## TN 11 Potentiometric Voltmeters

Most general purpose digital meters used today for corrosion measurements have 10 mega-ohm input resistance.  While this may seem high, it may not be adequate in some circumstances.  Consider a structure with a 900mV potential and a circuit resistance external to the meter of 10 kilo-ohms.  Ten kilo-ohms is 0.1% of 10 mega-ohms.  Thus 0.1% of the voltage will be dropped in the circuit external to the meter and 99.9% will be measured by the meter.  Now let’s consider the case where the structure is in concrete, rock or dry soil.  The external resistance in this situation could be 1 mega-ohm or higher.   The total circuit resistance would now be 11 mega-ohm with 90% being in the meter and 10% external to the meter.  The voltage drop in this case would be similarly divided with 810mV across the meter and 90mV external.  Measurement circuit IR drop errors always result in a lower apparent potential reading.  This can result in unnecessary and costly up-grades and/or replacements of CP systems.

A preferred way of making potential measurements in high resistance circuits is with a potentiometric-voltmeter.  This type of meter was the standard field meter for corrosion personal up until the mid-1970s.  An internal battery in this meter applies a voltage with opposite polarity to that being measured. The applied voltage is adjusted to exactly balance the potential being measured.  The applied battery voltage is then read.  With no current flowing through the circuit, there is no measurement circuit IR drop.  Potentiometric-voltmeters may cost significantly more than a general purpose digital meter so it is easy to understand why they are not as widely used.  It is possible to convert an ordinary voltmeter to a potentiometric-voltmeter with the addition of a simple inexpensive converter circuit.  Two such approaches are shown above.  The circuit using a single meter requires that the potential read on the meter be reversed to give the actual potential.  When using the circuit with two meters, the potential can be read directly.  These are basic conceptual circuits; it may be necessary to adjust the values of some components to suit particular circumstances.

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## TN 9 Effect of Meter Impedance

Some meters designed for corrosion potential measurements have selectable input impedance with the highest value typically being 250 MW.  However, general-purpose digital meters with a fixed 10 MW input impedance are frequently used for corrosion measurements.  While this may seem high, it is not adequate in many situations.  Electrolyte resistance is highly variable ranging from quite low for potential measurements in seawater to very high for potential measurements in dry soils.  The proper strategy is to select a meter whose internal resistance (input impedance) is several orders of magnitude higher than any other resistance in the circuit so that voltage drop across the meter will, for practical purposes, represent the entire voltage drop in the circuit.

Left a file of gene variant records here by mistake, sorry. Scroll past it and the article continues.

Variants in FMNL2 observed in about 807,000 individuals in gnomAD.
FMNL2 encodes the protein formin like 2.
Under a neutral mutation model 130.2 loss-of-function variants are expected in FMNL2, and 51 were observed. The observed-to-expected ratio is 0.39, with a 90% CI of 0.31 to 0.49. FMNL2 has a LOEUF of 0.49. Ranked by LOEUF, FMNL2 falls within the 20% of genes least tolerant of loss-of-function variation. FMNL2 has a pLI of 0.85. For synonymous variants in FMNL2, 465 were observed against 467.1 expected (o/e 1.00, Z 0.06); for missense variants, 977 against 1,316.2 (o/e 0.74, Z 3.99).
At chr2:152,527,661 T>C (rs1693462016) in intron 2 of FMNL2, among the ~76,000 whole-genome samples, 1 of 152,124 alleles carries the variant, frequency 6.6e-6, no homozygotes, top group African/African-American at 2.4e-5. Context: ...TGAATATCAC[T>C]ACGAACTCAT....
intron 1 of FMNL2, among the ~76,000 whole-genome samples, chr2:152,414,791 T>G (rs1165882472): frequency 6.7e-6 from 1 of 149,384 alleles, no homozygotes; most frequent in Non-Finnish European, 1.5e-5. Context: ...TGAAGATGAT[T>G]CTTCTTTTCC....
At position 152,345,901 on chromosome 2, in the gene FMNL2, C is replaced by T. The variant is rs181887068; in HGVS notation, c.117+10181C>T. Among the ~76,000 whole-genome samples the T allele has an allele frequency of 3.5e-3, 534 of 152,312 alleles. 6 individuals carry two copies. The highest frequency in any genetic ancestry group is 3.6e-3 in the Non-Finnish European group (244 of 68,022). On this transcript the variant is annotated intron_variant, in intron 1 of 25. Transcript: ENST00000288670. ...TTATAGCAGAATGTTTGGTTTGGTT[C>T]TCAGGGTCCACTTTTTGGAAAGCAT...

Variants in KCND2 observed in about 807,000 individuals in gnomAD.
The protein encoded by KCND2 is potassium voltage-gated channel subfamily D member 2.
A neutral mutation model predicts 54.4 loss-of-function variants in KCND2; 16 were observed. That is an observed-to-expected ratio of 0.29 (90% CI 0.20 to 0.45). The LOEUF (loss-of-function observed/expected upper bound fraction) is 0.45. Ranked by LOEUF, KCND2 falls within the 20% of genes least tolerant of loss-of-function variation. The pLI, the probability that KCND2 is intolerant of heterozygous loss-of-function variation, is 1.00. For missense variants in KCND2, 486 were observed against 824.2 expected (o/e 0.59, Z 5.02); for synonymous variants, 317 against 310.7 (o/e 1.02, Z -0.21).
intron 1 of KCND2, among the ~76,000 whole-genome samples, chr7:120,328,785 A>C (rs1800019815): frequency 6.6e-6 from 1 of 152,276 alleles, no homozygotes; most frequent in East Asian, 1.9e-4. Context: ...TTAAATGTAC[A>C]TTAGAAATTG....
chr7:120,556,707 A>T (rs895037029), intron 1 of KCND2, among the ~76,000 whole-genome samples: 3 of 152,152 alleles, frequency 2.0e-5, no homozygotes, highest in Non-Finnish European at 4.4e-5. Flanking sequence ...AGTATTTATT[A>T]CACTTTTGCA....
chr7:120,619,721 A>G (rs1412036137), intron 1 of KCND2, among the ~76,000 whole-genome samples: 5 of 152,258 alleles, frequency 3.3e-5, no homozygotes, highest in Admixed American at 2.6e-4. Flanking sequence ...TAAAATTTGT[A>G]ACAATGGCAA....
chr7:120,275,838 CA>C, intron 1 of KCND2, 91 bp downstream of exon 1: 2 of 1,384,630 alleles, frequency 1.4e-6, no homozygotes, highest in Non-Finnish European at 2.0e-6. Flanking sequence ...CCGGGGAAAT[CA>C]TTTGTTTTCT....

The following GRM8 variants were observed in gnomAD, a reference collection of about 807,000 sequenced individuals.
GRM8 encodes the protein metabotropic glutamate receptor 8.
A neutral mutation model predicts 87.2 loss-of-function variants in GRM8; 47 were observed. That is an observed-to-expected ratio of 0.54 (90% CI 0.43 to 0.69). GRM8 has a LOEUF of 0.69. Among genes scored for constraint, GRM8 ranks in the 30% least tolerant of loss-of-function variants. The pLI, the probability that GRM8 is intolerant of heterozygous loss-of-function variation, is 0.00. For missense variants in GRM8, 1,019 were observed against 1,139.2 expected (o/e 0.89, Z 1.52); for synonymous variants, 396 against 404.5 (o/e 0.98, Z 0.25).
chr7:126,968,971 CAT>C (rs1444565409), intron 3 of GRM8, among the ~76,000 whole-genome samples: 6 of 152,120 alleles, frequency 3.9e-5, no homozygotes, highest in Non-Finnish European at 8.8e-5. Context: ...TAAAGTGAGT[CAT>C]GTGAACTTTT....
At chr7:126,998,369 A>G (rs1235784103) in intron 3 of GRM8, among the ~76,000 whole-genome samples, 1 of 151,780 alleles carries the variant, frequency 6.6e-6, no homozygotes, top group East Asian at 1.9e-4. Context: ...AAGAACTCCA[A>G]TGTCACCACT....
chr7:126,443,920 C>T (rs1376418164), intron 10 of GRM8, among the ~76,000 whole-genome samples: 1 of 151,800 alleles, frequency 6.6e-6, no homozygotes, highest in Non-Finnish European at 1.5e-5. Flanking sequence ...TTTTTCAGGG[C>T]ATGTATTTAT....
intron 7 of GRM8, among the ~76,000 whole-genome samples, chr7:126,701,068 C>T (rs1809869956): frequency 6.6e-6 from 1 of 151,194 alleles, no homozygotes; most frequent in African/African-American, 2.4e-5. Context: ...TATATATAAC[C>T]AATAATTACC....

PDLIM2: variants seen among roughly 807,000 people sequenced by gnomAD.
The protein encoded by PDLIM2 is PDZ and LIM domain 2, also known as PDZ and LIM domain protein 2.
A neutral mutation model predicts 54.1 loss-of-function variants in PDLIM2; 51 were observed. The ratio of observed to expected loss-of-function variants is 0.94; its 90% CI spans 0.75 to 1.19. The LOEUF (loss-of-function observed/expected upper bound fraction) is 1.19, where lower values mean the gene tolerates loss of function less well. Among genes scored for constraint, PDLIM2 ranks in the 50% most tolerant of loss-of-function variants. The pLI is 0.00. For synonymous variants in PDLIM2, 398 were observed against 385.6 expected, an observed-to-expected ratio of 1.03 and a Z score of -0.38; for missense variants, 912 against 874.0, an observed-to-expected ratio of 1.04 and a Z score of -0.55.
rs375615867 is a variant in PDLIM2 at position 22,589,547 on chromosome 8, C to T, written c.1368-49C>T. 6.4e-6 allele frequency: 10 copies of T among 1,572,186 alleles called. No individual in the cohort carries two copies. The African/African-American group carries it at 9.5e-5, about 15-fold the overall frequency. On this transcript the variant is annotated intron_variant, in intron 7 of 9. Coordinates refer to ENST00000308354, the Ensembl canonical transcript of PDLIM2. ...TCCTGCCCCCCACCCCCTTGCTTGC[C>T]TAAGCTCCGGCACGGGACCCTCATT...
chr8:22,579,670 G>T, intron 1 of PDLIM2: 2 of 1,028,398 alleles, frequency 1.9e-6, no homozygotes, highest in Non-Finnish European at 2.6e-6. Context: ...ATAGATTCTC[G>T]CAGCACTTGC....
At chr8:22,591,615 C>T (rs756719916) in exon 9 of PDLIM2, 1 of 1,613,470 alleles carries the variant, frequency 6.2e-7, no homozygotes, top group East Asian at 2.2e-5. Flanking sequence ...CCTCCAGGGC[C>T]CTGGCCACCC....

For example, consider a structure with a 900mV potential and a circuit resistance external to the meter of 1 MW which is typical in concrete, rock or dry soil.  The total circuit resistance when using a 10 MW meter would be about 11 MW with 90% being in the meter and 10% external to the meter.  The voltage drop in this case would be similarly divided with 810mV across the meter and 90mV external to it.  If a 100 MW meter were used, the circuit resistance would be 101 MW so that almost all of the voltage drop would occur in the meter.  Measurement circuit IR drop errors result in a more positive apparent potential reading.

When using a meter with selectable input impedance, successive readings can be made, each time increasing the input impedance.  When two successive readings are the same, the measurement can be presumed to be free of measurement circuit IR drop error.  If it is not possible to obtain two successive readings that are the same, there are two methods that may be used to eliminate this error.  A potentiometric-voltmeter will eliminate these potential measurements errors.   Alternatively, a correction factor can be calculated from measurements made with a meter that has variable input resistance.  Download our paper  Effect of Measurement and Instrumentation Errors on Potential Readings from the Technical section of our website to learn more.

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